It is about one man against the system, and it does not permit other matters to intrude. Rand chose the profession of architecture as the background for her novel, although she knew nothing about the field beforehand.
Roark's modernist approach to architecture is contrasted with that of most of the other architects in the novel. In the opening chapter, the dean of his architecture school tells Roark that the best architecture must copy the past rather than innovate or improve. In contrast, Keating's mimicry of convention brings him top honors in school and an immediate job offer.
Den Uyl calls The Fountainhead a "philosophical novel", meaning that it addresses philosophical ideas and offers a specific philosophical viewpoint about those ideas. The Fountainhead does not contain this explicit philosophy,  and Rand did not write the novel primarily to convey philosophical ideas.
The Fountainhead polarized critics and received mixed reviews upon its release. Rand sent DeCasseres a letter thanking him for explaining the book's themes about individualism when many other reviewers did not.
Other negative reviews called the characters unsympathetic and Rand's style "offensively pedestrian". In the years following its initial publication, The Fountainhead has received relatively little attention from literary critics. One of the most controversial elements of the book is the first sexual encounter between Roark and Dominique. She called Rand "a traitor to her own sex". Rand's posthumously published working notes for the novel indicate that when she started on the book in , she conceived of Roark's character that "were it necessary, he could rape her and feel justified".
In an essay specifically explaining this scene, Andrew Bernstein wrote that although much "confusion" exists about it, the descriptions in the novel provide "conclusive" evidence of Dominique's strong attraction to Roark and her desire to have sex with him. Although Rand had some mainstream success previously with her play Night of January 16th and had two previously published novels, The Fountainhead was a major breakthrough in her career.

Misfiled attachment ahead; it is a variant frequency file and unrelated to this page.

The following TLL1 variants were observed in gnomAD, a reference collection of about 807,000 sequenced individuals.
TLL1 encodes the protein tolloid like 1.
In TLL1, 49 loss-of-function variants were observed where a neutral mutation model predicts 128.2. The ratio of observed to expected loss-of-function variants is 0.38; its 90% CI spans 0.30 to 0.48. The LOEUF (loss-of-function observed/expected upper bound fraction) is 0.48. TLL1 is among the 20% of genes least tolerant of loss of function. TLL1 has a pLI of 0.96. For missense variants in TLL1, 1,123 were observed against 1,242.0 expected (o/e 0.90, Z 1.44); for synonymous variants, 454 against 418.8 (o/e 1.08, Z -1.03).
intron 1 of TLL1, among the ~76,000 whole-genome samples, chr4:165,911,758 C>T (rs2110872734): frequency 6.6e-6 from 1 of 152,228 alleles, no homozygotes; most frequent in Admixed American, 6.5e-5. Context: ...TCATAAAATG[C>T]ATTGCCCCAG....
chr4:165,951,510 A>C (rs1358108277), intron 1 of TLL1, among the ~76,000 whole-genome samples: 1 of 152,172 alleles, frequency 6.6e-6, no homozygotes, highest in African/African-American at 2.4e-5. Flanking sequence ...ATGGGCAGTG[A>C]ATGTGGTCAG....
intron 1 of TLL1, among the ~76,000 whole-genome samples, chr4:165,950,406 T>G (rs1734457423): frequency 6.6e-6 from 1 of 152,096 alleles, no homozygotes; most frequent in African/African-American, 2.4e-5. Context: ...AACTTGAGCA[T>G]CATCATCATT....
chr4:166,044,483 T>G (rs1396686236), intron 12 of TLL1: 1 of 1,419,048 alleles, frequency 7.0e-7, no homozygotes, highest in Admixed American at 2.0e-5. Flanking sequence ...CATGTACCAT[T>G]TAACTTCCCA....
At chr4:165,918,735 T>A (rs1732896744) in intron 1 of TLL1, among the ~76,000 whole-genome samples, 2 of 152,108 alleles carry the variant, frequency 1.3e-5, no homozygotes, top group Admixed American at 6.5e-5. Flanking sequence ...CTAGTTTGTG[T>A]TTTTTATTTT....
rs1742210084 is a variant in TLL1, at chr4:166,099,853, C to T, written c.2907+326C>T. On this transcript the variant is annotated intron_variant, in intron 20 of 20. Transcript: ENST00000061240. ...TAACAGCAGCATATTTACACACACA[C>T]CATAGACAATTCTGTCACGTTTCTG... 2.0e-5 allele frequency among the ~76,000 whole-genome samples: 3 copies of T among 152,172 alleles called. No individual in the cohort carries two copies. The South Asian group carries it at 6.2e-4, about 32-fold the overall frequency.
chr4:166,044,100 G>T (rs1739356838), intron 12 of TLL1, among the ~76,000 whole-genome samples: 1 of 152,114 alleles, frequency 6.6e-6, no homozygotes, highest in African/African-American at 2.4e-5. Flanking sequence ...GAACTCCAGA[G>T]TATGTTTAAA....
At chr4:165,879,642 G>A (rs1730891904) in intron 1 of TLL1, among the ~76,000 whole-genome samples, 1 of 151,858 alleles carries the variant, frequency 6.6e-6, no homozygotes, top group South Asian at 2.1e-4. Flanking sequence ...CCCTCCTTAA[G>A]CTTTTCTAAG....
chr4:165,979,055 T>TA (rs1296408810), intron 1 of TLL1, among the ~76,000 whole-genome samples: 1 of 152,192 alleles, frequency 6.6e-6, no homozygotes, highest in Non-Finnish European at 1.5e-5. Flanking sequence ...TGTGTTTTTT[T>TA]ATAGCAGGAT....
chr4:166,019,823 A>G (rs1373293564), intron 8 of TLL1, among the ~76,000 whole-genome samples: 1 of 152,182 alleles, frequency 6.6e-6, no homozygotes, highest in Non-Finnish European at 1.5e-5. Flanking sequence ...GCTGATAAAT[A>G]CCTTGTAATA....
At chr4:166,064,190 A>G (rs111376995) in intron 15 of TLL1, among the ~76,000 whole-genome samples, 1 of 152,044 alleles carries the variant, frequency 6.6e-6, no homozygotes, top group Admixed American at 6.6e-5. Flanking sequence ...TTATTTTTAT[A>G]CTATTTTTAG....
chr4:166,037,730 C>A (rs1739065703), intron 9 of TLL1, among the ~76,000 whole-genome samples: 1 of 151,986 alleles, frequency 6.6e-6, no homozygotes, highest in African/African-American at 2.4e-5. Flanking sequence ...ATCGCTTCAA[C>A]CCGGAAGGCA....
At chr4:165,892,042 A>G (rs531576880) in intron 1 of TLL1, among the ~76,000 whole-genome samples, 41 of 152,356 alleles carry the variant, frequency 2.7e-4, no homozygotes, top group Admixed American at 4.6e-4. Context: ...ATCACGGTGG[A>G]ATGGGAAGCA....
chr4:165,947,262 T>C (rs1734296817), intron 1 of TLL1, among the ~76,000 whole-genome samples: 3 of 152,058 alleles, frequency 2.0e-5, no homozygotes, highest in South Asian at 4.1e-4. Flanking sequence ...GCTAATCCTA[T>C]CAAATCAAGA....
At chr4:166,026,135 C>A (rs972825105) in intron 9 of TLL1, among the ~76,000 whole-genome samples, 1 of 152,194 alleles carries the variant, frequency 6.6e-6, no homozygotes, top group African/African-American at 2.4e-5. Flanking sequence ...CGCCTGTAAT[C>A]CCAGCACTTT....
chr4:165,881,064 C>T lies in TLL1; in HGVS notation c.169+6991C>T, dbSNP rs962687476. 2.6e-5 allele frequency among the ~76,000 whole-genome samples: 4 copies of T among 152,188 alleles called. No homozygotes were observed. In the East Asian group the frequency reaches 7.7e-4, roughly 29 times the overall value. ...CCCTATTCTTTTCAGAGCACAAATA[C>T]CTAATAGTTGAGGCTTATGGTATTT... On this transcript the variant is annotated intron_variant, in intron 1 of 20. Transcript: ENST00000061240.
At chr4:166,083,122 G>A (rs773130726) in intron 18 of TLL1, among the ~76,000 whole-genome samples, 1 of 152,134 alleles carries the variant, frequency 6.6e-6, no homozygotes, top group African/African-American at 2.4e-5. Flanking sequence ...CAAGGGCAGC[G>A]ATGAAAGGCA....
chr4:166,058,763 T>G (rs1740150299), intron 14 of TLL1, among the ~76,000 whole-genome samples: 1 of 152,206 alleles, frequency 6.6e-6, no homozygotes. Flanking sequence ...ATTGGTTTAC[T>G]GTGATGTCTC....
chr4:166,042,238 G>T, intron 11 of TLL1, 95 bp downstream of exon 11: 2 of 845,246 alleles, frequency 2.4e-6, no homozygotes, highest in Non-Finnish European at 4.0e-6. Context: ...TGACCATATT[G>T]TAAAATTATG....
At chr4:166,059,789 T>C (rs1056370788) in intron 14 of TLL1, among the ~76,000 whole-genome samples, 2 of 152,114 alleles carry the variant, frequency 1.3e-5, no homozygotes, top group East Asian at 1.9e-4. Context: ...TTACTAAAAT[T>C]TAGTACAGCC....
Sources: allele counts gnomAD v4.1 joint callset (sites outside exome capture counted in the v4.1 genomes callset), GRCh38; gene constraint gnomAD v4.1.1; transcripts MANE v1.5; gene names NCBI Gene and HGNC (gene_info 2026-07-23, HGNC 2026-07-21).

It brought her lasting fame and financial success. She sold the movie rights to The Fountainhead and returned to Hollywood to write the screenplay for the adaptation. The success of the novel brought Rand new publishing opportunities. Bobbs-Merrill offered to publish a nonfiction book expanding on the ethical ideas presented in The Fountainhead.
Though this book was never completed, a portion of the material was used for an article in the January issue of Reader's Digest. The Fountainhead also attracted a new group of fans who were attracted to its philosophical ideas. When she moved back to New York in , she gathered a group of these admirers to whom she referred publicly as "the Class of '43" in reference to the year The Fountainhead was published.